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Cats typically give birth to 4-6 kittens in a litter, which can be a handful.
It’s an exciting time for the whole family but can become a little worrying if you notice that your cat is constantly moving her litter from one place to another, especially if it’s bringing you her kittens.
But don’t panic; it’s completely normal and can happen for a few reasons.
Reasons Why Your Cat Brings You Her Kittens
Your Cat Is Proud
Your cat just gave birth to a beautiful litter of kittens, and she just wants to show you how amazing they are. You’re her family, after all, so who better to show off to?
She Needs Some Help
If your cat’s a new mom, it might be a confusing time for her. She may bring her kittens to you to ask for assistance. How can she possibly feed, bathe and keep an eye on them all at the same time?
You’ll need to help.
She Needs To Keep The Kittens Safe
It’s a scary world out there, and your cat can’t take all her kittens with her everywhere she goes.
If she needs a bit of alone time, she’ll fetch her kittens to you to look after them while she’s away, just like a babysitter.
She Wants Them To Get To Know You
According to askmycats, your cat sees you as part of the family, and just like aunts and uncles, she wants her kittens to know you and trust you like she does.
She’ll present them to you as often as possible so they can familiarize themselves with your smell and voice and can feel more comfortable.
How Do I Know if My Cat Trusts Me With Her Kittens?
If your cat moves her kittens to a safe place that’s nearer to you, you can be confident that she trusts you to take care of them in her absence.
Feline mothers are incredibly protective of their kittens, and kittens can stay with their mother and be dependent on milk right up to 8-10 weeks old, after which point they should be fully weaned.
During this time, they form an amazing bond, and due to a feline’s independent nature, it takes a special person to be involved in that bond.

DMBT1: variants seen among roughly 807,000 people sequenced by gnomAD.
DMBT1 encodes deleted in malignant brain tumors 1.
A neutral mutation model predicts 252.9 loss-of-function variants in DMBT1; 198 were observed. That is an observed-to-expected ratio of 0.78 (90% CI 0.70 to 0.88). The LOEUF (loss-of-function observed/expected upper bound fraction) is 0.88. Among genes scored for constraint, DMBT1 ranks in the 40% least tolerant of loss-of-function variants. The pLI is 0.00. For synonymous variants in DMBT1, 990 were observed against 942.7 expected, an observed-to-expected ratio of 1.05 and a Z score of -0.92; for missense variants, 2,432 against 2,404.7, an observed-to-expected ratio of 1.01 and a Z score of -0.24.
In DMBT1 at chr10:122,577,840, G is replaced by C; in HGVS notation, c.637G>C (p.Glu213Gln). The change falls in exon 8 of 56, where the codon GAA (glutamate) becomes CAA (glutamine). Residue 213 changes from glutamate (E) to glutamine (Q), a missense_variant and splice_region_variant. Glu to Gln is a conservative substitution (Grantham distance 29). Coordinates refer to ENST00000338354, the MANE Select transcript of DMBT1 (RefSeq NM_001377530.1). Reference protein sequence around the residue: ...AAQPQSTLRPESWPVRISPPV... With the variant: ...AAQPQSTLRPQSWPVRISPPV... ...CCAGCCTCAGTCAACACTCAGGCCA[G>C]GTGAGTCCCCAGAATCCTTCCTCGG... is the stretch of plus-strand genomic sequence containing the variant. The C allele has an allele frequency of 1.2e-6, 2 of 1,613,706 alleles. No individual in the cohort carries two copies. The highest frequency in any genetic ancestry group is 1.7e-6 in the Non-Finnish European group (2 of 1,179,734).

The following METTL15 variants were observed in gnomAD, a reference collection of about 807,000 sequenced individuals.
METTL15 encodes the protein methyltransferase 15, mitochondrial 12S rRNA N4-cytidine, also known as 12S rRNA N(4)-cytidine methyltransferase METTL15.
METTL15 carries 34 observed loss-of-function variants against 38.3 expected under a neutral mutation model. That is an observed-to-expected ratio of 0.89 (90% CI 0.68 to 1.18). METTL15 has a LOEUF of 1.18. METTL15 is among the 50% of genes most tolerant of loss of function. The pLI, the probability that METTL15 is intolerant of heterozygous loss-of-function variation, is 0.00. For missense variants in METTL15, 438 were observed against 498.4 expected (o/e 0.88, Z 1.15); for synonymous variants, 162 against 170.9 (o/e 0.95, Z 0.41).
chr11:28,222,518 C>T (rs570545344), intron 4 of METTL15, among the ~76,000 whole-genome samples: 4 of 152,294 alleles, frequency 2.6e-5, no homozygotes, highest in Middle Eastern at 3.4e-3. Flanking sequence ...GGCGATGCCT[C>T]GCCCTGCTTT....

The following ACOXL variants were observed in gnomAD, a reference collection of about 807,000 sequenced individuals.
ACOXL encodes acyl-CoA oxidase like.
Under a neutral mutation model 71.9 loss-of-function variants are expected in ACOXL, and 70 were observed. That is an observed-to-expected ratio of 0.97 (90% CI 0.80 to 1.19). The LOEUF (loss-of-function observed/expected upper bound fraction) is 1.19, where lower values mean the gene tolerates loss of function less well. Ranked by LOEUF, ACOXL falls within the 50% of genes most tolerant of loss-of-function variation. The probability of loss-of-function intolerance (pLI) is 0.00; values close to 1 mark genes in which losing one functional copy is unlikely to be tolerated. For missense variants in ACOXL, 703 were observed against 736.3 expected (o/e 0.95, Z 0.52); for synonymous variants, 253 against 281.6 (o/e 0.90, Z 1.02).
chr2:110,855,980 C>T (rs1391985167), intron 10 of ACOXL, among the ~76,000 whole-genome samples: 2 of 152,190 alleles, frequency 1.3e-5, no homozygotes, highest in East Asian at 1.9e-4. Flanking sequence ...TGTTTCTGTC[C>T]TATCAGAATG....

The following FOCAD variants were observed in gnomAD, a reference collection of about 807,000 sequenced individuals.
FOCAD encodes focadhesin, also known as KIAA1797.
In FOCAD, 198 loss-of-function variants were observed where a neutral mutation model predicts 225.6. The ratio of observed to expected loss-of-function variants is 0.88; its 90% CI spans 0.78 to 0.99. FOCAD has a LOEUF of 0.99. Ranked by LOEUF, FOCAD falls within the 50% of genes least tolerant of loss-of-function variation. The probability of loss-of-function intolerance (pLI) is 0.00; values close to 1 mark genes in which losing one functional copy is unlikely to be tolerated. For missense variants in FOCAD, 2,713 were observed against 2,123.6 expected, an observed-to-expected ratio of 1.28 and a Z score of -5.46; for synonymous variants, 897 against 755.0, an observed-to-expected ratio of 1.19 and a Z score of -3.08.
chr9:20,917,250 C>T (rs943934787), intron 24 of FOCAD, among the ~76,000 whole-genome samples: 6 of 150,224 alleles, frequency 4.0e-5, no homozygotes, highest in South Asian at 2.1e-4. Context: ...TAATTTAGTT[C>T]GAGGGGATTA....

If your cat carries her litter into a place where she knows you spend a lot of time, it’s clear that she trusts you.
On the other hand, you might see your cat removing the kittens from your home or trying to hide them away in a usually quiet corner and out of the way.
This might mean that your cat isn’t confident that she can trust you and is feeling a little insecure about leaving her kittens with you.
How Do You Get A Cat To Bring You Her Kittens?
If you already have a great bond with your cat, she’ll probably bring her kittens to you herself.
However, if she’s taken to hiding them and you’re unsure where they are – sometimes cats will give birth outside and hide the kittens – then it’s a good idea to watch where she’s going when she leaves.
Once you’ve determined where the kittens are, don’t go in all guns blazing. Get closer to her hiding place gradually, and sit there without appearing threatening.
Don’t dive in; just greet her when she comes out. Also, never raise your voice or use any threatening behavior around the kittens.
The more comfortable your cat is with you being around in a calm, safe environment, the more likely she is to bring her kittens to you.
Why Does My Cat Bring Me Only One Kitten?